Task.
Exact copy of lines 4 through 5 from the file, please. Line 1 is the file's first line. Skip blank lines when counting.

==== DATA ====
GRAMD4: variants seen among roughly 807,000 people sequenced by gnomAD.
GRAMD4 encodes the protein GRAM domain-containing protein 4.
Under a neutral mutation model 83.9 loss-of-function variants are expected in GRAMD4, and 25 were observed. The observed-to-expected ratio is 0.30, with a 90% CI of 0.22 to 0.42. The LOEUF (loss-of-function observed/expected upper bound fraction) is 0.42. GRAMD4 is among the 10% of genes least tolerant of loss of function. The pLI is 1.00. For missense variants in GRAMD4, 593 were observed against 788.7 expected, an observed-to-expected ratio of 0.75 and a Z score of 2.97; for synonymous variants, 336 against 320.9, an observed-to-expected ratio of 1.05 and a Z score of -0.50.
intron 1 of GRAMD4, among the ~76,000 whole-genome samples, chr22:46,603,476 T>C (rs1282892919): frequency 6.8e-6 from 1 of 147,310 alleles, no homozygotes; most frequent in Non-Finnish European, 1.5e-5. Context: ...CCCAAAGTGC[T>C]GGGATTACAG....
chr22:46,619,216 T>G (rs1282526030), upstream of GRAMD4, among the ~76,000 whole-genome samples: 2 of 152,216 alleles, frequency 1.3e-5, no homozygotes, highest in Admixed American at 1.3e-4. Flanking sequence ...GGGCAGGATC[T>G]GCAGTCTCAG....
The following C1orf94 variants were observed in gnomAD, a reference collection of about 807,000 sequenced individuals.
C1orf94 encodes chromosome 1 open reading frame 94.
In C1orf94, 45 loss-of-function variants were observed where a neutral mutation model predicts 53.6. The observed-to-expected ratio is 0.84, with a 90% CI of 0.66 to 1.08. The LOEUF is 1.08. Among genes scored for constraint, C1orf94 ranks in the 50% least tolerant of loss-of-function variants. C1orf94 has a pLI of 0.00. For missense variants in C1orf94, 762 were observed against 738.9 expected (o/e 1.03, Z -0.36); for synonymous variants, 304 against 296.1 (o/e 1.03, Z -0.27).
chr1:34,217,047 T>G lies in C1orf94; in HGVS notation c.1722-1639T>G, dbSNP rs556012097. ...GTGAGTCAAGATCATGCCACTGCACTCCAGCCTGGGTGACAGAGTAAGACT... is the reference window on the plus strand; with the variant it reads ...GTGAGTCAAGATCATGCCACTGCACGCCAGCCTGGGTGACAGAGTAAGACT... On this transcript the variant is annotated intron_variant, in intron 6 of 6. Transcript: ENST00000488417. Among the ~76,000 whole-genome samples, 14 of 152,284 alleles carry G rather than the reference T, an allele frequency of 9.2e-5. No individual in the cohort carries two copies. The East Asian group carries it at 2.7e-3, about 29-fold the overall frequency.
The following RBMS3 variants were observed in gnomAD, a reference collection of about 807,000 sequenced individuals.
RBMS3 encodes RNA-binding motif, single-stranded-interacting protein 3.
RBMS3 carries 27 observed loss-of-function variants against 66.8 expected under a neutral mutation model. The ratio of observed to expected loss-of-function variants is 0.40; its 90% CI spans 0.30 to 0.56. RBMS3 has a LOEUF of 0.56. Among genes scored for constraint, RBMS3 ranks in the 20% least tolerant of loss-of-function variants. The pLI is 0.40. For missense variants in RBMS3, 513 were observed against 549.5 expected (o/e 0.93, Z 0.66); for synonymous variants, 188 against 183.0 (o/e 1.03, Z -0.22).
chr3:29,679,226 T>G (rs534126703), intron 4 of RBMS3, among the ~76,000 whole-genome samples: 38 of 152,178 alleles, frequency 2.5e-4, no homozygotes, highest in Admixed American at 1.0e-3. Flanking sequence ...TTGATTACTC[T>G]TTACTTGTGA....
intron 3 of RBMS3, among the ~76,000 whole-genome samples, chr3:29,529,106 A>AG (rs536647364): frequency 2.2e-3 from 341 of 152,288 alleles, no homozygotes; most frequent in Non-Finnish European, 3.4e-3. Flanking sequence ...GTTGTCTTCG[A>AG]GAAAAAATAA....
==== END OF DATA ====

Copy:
intron 1 of GRAMD4, among the ~76,000 whole-genome samples, chr22:46,603,476 T>C (rs1282892919): frequency 6.8e-6 from 1 of 147,310 alleles, no homozygotes; most frequent in Non-Finnish European, 1.5e-5. Context: ...CCCAAAGTGC[T>C]GGGATTACAG....
chr22:46,619,216 T>G (rs1282526030), upstream of GRAMD4, among the ~76,000 whole-genome samples: 2 of 152,216 alleles, frequency 1.3e-5, no homozygotes, highest in Admixed American at 1.3e-4. Flanking sequence ...GGGCAGGATC[T>G]GCAGTCTCAG....